Altum Angelfish

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Pterophyllum altum - Pellegrin, 1903
Altum Angelfish

The largest and perhaps the most-beautiful freshwater angel. Jeff Kubina/Creative Commons


A Holy Grail species among serious freshwater aquarists, the Altum Angelfish is considered by many the most beautiful and stately of the freshwater angelfishes.

A challenge to breed in captivity, this is a species sometimes available as a rare import from the wild.

Reaching a dramatic 13-15 in. (33-38 cm) in height, it requires a tall tank and, like Discus, expert care and attention to water quality.

Contrary to early accounts, it is found in the Amazon River basin and upper Rio Negro, in addition to the Orinoco River where it was first found by ichthyologists. (A so-called wild strain marketed as the "Peruvian Altum" is, in fact, a variant of the more common Pterophyllum scalare.) See: Pterophyllum.

While juveniles can be kept in 20-30 gal. (76-118 L) tanks, adults will require a large aquarium at least 30 in. (76 cm) deep to accommodate their extraordinary height.

Family: Cichlidae

Other common name(s):

  • Deep Angelfish
  • Altum Angel
  • Orinoco Angelfish

Native range:

Habitat: They do best in an environment of tall green plants (Amazon Swords, Vallisneria, and the like) and driftwood for shelter.

Maximum length: 18 cm (7 in)

Maximum height: 38 cm (15 in)

Minimum aquarium size: 208 L (55 gal)

Water: Freshwater 27 °C (81 °F) - 29 °C (84 °F)

General swimming level: Midwater.


Carnivore. Offer a variety of meaty foods: brine and Mysis shrimp, bloodworms, mosquito larvae, Daphnia. and high-quality rations containing color enhancers.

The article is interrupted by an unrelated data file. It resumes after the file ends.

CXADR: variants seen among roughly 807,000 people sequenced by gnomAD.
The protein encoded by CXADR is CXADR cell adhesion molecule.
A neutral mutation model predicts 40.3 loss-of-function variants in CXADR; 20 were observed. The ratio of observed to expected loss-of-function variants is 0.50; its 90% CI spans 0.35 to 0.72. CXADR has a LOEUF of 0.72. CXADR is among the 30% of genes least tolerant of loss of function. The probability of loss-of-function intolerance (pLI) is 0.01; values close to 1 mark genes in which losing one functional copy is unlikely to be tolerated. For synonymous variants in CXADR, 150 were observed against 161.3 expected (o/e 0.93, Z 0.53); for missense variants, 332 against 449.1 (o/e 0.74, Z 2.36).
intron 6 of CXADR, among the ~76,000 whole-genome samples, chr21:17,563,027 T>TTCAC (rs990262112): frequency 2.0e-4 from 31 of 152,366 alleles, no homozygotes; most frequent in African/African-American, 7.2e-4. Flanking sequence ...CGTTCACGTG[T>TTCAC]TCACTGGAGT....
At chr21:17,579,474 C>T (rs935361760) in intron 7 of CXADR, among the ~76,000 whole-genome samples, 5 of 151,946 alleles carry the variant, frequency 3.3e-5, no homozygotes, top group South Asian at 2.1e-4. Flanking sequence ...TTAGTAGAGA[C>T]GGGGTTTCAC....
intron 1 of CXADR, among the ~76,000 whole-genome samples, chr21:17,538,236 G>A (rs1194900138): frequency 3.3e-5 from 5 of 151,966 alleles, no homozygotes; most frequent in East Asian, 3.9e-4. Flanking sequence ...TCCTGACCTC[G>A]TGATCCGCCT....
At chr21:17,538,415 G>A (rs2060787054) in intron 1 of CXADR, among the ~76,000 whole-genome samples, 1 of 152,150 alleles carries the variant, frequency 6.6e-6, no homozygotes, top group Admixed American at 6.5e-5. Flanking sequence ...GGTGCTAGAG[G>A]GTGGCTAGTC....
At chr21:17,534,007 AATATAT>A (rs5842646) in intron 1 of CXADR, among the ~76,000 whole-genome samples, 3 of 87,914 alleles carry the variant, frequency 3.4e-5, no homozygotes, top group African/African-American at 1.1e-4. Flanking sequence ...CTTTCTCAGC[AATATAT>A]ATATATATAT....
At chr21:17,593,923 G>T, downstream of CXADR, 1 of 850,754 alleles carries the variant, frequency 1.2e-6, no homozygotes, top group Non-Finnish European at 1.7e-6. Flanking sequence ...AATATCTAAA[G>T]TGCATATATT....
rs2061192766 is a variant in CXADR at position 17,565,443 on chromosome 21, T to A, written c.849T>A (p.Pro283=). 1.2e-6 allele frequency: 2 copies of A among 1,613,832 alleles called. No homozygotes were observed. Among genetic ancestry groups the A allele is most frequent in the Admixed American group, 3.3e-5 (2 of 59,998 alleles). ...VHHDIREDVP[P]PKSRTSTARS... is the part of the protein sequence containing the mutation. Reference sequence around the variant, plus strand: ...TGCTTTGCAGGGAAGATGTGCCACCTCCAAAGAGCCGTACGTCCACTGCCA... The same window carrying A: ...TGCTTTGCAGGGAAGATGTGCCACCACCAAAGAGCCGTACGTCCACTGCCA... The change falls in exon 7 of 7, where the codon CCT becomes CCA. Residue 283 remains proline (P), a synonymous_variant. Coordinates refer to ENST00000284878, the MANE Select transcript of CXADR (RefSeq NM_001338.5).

Aquarium Compatibility

Best kept in a deep species tank.
Best kept in a species tank with few or no other tankmates. (Several Corydoras catfish may be added, as they are peaceful and generally keep to themselves on the bottom of the tank.)

Special Care

Provide soft, peat-filtered water and do regular 20-percent weekly water changes.

Wild-caught fish may require deworming and treatment for parasites. A very informative article by Richard Thompson, who uses food laced with tetracycline and furazone for new imports, is found here: The Altum Angel by Richard Thompson.


Seldom bred in captivity. Enthusiasts hope to replace some of the demand for pricey wild-caught specimens with captive-bred Altum Angelfish.


Young Altum with typical noteworthy vertical orientation.

Altum Angels are distinguished from "P. scalare" by having a more vertical orientation, elongated fins, a concave forehead, and the presence of a vertical band (or trace of a band) between the eye band and the band at the front of the dorsal fin.

See We're No Angels for further keeping advice.

Image credit: JJ
Text credit: JL